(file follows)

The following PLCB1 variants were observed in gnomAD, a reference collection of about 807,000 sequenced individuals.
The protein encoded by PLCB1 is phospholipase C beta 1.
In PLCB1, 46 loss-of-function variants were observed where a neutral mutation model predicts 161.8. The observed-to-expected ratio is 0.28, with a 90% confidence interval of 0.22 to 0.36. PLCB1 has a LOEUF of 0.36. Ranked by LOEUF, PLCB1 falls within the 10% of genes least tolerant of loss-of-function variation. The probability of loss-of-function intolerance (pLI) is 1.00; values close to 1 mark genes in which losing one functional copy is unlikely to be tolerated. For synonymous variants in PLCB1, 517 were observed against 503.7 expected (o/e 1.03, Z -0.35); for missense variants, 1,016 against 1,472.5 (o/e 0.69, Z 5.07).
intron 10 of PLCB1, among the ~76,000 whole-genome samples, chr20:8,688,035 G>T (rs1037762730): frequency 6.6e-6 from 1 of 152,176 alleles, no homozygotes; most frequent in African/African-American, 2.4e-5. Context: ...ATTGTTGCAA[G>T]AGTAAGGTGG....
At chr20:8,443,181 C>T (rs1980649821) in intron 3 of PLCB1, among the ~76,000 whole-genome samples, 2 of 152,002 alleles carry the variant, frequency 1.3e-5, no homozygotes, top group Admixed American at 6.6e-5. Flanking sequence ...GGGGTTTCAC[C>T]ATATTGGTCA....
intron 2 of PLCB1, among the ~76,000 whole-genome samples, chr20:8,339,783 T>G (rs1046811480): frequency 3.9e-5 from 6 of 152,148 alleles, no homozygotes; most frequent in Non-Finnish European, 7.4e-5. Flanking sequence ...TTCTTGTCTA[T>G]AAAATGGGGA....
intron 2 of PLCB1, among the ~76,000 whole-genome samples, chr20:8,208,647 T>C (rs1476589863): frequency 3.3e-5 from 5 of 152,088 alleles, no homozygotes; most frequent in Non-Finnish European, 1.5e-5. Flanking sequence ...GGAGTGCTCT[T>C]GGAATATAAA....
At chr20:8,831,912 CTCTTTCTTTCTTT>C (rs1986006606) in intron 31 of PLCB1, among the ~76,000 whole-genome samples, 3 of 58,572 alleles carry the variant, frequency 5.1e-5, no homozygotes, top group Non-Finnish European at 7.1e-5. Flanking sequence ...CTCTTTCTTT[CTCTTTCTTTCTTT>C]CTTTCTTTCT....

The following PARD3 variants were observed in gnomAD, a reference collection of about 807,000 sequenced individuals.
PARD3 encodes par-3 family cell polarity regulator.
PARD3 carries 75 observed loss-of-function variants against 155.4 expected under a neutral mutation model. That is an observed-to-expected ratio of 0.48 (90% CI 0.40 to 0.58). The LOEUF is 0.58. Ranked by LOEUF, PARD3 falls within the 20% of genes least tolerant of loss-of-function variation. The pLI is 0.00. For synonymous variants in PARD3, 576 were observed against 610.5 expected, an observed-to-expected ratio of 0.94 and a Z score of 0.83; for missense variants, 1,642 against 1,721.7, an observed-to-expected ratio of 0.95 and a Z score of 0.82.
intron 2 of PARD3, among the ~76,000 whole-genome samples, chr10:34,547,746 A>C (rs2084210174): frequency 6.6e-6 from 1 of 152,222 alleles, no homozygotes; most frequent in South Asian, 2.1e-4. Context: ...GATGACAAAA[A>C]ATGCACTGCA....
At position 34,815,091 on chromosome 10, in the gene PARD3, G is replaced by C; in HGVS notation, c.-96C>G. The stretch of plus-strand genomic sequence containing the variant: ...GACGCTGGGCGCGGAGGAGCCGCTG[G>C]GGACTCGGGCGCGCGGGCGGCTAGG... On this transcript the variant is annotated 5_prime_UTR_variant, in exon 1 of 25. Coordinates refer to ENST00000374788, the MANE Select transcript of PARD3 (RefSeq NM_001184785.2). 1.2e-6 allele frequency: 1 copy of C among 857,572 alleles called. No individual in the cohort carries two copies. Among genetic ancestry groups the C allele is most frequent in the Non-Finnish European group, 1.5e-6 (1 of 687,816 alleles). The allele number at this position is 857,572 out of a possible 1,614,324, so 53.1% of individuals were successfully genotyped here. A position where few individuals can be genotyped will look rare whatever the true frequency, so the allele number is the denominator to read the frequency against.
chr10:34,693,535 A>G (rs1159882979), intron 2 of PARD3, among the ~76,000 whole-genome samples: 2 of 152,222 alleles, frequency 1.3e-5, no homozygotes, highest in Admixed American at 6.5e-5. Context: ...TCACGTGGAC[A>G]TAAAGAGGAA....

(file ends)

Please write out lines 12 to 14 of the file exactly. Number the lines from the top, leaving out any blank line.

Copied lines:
intron 2 of PARD3, among the ~76,000 whole-genome samples, chr10:34,547,746 A>C (rs2084210174): frequency 6.6e-6 from 1 of 152,222 alleles, no homozygotes; most frequent in South Asian, 2.1e-4. Context: ...GATGACAAAA[A>C]ATGCACTGCA....
At position 34,815,091 on chromosome 10, in the gene PARD3, G is replaced by C; in HGVS notation, c.-96C>G. The stretch of plus-strand genomic sequence containing the variant: ...GACGCTGGGCGCGGAGGAGCCGCTG[G>C]GGACTCGGGCGCGCGGGCGGCTAGG... On this transcript the variant is annotated 5_prime_UTR_variant, in exon 1 of 25. Coordinates refer to ENST00000374788, the MANE Select transcript of PARD3 (RefSeq NM_001184785.2). 1.2e-6 allele frequency: 1 copy of C among 857,572 alleles called. No individual in the cohort carries two copies. Among genetic ancestry groups the C allele is most frequent in the Non-Finnish European group, 1.5e-6 (1 of 687,816 alleles). The allele number at this position is 857,572 out of a possible 1,614,324, so 53.1% of individuals were successfully genotyped here. A position where few individuals can be genotyped will look rare whatever the true frequency, so the allele number is the denominator to read the frequency against.
chr10:34,693,535 A>G (rs1159882979), intron 2 of PARD3, among the ~76,000 whole-genome samples: 2 of 152,222 alleles, frequency 1.3e-5, no homozygotes, highest in Admixed American at 6.5e-5. Context: ...TCACGTGGAC[A>G]TAAAGAGGAA....